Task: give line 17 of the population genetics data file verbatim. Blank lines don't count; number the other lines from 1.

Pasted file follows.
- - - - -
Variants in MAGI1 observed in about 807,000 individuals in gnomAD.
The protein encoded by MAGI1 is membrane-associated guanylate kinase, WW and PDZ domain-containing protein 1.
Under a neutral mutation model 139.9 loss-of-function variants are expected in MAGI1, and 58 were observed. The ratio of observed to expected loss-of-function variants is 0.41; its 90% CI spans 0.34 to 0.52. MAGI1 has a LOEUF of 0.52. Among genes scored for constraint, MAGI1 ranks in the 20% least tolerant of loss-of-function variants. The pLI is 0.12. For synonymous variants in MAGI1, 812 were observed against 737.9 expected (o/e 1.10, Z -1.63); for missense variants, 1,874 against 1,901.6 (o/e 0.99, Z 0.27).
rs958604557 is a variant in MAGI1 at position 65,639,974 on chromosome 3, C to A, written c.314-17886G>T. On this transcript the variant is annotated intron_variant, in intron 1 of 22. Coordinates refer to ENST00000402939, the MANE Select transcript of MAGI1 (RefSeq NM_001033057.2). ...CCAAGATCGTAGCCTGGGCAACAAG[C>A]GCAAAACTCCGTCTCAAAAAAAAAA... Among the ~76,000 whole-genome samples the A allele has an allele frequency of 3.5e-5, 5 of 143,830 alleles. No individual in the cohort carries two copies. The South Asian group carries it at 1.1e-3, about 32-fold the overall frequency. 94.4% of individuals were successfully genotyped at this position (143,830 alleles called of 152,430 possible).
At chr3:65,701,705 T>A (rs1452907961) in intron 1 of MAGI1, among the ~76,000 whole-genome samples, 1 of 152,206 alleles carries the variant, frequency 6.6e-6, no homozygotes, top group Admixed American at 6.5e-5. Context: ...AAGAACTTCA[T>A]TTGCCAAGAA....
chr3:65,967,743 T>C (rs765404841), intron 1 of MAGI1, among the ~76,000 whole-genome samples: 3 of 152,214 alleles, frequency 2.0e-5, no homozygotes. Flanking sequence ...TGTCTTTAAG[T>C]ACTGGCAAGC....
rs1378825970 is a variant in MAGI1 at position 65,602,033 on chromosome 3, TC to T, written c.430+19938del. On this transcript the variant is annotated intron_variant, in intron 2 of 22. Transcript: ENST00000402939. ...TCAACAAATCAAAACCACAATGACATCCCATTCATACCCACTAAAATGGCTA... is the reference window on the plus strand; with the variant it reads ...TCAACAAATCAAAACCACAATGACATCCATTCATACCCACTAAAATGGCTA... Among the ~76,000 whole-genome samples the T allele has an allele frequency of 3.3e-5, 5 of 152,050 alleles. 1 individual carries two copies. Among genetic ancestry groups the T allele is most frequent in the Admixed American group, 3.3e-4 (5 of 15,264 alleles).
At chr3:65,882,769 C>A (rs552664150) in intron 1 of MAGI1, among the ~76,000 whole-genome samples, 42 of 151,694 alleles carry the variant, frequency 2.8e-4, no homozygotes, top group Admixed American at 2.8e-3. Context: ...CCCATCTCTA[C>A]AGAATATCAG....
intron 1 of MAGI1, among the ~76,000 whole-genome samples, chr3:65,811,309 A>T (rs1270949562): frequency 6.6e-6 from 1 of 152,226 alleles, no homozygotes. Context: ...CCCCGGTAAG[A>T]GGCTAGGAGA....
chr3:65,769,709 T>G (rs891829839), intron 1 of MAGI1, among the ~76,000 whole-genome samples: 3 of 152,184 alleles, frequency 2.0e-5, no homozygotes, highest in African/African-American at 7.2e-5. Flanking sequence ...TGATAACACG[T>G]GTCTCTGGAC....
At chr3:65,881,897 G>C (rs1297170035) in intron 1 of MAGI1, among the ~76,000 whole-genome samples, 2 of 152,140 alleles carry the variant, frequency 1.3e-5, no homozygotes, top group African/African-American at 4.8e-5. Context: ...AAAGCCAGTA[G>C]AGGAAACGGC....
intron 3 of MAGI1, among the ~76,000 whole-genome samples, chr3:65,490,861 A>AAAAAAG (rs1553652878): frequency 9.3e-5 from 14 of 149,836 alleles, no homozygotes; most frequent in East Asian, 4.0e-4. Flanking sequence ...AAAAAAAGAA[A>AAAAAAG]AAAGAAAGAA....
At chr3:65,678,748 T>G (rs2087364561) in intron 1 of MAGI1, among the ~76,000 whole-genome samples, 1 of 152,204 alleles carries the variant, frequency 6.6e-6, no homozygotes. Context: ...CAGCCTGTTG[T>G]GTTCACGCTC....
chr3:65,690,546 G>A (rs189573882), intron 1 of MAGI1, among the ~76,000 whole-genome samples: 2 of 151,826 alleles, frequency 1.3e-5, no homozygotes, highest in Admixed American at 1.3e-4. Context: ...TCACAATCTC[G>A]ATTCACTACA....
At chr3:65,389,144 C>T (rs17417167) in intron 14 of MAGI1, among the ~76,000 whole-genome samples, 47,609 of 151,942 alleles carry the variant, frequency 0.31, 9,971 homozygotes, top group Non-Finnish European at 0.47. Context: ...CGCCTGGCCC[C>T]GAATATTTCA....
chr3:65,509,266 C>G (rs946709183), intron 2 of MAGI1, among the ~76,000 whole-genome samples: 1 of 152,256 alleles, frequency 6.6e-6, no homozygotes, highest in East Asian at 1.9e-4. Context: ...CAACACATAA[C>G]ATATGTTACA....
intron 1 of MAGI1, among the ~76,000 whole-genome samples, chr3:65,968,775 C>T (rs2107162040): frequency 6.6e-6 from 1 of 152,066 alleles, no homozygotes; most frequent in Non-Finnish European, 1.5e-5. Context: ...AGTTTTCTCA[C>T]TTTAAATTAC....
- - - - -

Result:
intron 1 of MAGI1, among the ~76,000 whole-genome samples, chr3:65,968,775 C>T (rs2107162040): frequency 6.6e-6 from 1 of 152,066 alleles, no homozygotes; most frequent in Non-Finnish European, 1.5e-5. Context: ...AGTTTTCTCA[C>T]TTTAAATTAC....